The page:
Baby boomers are retiring. Generation Xers have started families. Millennials are charting their paths.
And for those that fall within Generation Z, … well, in the case of two seniors at Battle Ground Academy, they’re creating podcasts.
It only makes sense, insist Jimmy Shi and Paul Lohmann, who started the podcast We Are Z nearly a year ago. After all, Gen Zers — who were born between 1996 and 2015 — have come up through the rapid age of social media and the technology that has been tailored for the purpose of putting forth ideas and opinions or simply communicating with one another.
Through a podcast, Shi and Lohmann have sought to bring a better understanding of their generation and perhaps to dispel the notion that it’s primarily filled with teens and college students obsessed with their devices.
“Our goal is to explain the perspective, appeals, motives of Gen Z and ultimately break the barriers between generations,” said Shi, a foreign exchange student from China who has been a student at BGA for nearly four years.
Lohmann, whose family moved to Tennessee from Los Angeles six years ago, said the podcast is a way to put forth the issues of Gen Z that isn’t done consistently in more traditional methods.
“We wanted to have more of a source where we could come together with other people our age and talk about different issues and topics and trends that were going on currently,” Lohmann said. “We really wanted to provide the perspective of our generation because we found that was something that was really lacking in terms of journalism and information. There really weren’t perspectives of our generation.”
Now in its second season, We Are Z has had a diverse lineup throughout its 18 episodes aired since its debut last January.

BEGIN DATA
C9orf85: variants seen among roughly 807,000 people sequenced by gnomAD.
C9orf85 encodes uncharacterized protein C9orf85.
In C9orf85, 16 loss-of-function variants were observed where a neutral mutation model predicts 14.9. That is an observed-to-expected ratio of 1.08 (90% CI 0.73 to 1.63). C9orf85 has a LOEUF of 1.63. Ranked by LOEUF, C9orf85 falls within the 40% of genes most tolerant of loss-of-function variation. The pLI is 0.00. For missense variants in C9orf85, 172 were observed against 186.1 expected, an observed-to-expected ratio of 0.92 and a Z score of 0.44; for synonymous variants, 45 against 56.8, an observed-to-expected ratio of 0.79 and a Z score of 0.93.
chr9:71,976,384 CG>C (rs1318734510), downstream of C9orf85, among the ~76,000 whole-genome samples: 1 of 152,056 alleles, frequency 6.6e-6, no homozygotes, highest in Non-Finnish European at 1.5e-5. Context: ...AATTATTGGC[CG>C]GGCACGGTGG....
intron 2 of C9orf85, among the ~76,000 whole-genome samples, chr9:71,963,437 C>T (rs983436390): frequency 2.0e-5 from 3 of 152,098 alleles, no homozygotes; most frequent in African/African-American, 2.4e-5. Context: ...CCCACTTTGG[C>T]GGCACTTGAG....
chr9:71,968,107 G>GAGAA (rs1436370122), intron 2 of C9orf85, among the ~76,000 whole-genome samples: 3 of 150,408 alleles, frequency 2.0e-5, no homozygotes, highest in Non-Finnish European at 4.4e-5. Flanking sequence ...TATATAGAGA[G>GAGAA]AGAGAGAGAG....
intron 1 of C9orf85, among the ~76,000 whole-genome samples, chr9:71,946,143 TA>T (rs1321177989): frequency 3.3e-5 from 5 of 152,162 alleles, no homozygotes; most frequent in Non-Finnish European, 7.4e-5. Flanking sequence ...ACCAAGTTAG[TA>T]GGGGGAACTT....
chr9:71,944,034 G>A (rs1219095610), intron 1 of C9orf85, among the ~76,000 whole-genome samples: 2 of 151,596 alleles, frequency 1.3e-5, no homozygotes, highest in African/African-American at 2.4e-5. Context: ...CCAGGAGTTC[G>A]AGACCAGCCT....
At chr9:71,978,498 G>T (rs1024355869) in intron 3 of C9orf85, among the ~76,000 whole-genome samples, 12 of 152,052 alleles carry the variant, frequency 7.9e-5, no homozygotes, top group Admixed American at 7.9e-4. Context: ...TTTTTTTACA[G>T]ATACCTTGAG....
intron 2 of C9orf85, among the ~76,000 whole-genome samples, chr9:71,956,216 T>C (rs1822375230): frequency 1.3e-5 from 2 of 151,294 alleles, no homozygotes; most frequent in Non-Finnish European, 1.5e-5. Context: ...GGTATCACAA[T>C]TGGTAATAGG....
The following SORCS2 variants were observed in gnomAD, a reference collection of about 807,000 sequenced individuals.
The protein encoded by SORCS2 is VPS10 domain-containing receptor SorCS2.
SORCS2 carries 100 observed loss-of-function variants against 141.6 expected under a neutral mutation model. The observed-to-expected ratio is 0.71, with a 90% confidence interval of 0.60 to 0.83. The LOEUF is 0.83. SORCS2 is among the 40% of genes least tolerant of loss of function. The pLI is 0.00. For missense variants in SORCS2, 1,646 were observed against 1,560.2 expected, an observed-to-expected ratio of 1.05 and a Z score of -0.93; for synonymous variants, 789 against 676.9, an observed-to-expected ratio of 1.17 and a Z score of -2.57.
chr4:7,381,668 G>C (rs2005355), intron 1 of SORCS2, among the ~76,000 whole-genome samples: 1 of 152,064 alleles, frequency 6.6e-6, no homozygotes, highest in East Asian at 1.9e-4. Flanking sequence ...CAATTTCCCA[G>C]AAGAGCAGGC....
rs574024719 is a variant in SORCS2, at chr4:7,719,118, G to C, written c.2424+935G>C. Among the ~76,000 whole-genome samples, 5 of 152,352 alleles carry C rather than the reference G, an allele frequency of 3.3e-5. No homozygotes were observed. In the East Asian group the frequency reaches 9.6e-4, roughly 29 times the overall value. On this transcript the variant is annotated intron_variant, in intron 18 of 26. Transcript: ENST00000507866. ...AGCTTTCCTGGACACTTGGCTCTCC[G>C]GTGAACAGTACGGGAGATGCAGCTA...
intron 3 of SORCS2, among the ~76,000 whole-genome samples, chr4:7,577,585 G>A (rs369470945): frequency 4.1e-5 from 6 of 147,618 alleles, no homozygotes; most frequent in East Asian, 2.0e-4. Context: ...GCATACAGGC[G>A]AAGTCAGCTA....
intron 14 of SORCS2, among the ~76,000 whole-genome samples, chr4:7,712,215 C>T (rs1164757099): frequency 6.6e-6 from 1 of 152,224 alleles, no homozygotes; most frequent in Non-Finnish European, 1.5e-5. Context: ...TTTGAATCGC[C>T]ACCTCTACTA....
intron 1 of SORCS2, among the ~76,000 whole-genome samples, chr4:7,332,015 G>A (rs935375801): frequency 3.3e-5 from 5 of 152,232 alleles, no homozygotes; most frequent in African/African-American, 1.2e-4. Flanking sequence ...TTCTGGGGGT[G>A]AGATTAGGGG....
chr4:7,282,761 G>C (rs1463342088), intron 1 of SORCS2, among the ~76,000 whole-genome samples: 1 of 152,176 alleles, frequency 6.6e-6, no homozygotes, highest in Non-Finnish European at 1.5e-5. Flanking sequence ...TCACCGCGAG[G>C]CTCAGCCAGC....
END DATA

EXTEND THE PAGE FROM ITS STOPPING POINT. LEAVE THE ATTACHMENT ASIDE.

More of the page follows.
It has covered, of course, the coronavirus pandemic, and has touched on other hot-button issues such as the cancel culture and e-cigarettes. It has presented practical information on the college admission process and on education in general with BGA Upper School Head Jamie Griffin. The podcast has looked at food culture with Chef Maneet Chauhan from the TV show “Chopped,” examined binge watching and explored sport psychology.
Shi and Lohmann are both involved in speech and debate at BGA, and while they enjoy the competition at tournaments, they wanted a way to expand their ideas beyond judges, coaches and teammates.
Thus, the beginnings of a podcast were launched.
“We didn’t really have any idea how to start any of this,” Lohman said, “so we did what most of our generation does and went to the internet. We started looking at articles and YouTube videos on how to start this. We found a platform where we could start to produce and to share our podcast. … That was fairly simple getting it out there.
“But the large problem was, how do we expand our audience? That came about through our social media pages, getting our own website as well as connecting with other people who will give shout-outs and stuff like that. We were trying to be very thorough with everything because we wanted to produce the best concept we could. …
“A lot of it was very labor intensive. But as we came to produce more episodes, we got into more of a rhythm and it became easier to get guests because we had some people who were even offering to come on the podcasts to discuss issues. We also expanded our connections deeply.”